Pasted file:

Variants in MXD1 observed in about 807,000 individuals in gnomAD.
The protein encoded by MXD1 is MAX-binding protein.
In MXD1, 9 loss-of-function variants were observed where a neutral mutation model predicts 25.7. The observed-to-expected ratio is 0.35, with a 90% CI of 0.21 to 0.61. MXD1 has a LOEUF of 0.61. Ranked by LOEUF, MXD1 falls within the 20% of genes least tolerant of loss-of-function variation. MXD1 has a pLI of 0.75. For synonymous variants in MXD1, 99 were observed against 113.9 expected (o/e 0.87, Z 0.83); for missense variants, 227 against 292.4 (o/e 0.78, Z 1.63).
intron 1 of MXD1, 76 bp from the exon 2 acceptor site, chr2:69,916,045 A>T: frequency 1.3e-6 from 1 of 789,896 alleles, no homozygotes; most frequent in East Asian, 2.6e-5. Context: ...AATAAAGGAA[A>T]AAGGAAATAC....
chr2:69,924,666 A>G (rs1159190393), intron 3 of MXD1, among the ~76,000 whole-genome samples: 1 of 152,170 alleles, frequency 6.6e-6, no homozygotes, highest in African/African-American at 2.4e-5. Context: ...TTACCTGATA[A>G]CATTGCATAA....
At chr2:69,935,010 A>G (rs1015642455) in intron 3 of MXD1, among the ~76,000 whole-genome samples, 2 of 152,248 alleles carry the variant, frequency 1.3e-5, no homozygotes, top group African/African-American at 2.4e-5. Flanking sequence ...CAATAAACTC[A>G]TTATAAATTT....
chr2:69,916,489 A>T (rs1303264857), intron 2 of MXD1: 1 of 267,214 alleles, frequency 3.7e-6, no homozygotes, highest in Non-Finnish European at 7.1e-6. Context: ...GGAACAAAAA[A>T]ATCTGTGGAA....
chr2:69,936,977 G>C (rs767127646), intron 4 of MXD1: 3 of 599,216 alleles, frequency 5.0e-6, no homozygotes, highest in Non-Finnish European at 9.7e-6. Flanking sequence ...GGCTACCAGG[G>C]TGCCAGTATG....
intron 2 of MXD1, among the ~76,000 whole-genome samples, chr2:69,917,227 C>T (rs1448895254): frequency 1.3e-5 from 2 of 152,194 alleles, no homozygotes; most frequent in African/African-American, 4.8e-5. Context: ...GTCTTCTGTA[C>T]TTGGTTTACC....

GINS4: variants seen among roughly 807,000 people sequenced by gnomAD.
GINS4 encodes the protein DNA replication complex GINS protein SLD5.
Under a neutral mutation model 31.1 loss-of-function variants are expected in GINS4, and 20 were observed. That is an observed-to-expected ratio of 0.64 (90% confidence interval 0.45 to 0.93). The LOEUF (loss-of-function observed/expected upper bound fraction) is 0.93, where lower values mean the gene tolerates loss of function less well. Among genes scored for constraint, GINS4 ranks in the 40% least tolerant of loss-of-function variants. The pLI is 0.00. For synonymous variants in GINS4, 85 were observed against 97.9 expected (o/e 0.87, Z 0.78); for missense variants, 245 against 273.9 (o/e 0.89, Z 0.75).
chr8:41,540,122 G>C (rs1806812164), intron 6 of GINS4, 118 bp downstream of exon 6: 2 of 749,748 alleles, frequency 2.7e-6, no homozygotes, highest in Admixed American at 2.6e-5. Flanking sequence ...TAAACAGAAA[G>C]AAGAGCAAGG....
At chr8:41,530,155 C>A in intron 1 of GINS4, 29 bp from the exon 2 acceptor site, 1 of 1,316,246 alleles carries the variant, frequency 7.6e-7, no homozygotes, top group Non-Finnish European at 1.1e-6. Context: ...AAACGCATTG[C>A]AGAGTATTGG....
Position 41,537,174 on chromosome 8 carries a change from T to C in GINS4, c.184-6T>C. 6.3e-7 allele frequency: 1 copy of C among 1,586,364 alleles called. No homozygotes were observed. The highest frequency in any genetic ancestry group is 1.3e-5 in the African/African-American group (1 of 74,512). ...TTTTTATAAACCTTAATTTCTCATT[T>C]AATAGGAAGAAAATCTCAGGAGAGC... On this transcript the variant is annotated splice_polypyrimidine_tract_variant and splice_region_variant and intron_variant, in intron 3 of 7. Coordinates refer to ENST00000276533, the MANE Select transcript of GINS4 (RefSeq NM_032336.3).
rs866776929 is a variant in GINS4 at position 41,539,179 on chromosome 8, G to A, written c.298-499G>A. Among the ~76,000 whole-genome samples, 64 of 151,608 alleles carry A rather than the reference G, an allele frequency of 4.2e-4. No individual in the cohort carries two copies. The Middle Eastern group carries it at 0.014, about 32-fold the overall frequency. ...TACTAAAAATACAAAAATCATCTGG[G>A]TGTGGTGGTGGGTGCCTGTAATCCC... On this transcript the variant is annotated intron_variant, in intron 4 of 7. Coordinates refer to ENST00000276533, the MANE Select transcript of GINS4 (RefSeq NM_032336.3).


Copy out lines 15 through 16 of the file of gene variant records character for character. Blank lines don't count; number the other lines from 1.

Position 41,537,174 on chromosome 8 carries a change from T to C in GINS4, c.184-6T>C. 6.3e-7 allele frequency: 1 copy of C among 1,586,364 alleles called. No homozygotes were observed. The highest frequency in any genetic ancestry group is 1.3e-5 in the African/African-American group (1 of 74,512). ...TTTTTATAAACCTTAATTTCTCATT[T>C]AATAGGAAGAAAATCTCAGGAGAGC... On this transcript the variant is annotated splice_polypyrimidine_tract_variant and splice_region_variant and intron_variant, in intron 3 of 7. Coordinates refer to ENST00000276533, the MANE Select transcript of GINS4 (RefSeq NM_032336.3).
rs866776929 is a variant in GINS4 at position 41,539,179 on chromosome 8, G to A, written c.298-499G>A. Among the ~76,000 whole-genome samples, 64 of 151,608 alleles carry A rather than the reference G, an allele frequency of 4.2e-4. No individual in the cohort carries two copies. The Middle Eastern group carries it at 0.014, about 32-fold the overall frequency. ...TACTAAAAATACAAAAATCATCTGG[G>A]TGTGGTGGTGGGTGCCTGTAATCCC... On this transcript the variant is annotated intron_variant, in intron 4 of 7. Coordinates refer to ENST00000276533, the MANE Select transcript of GINS4 (RefSeq NM_032336.3).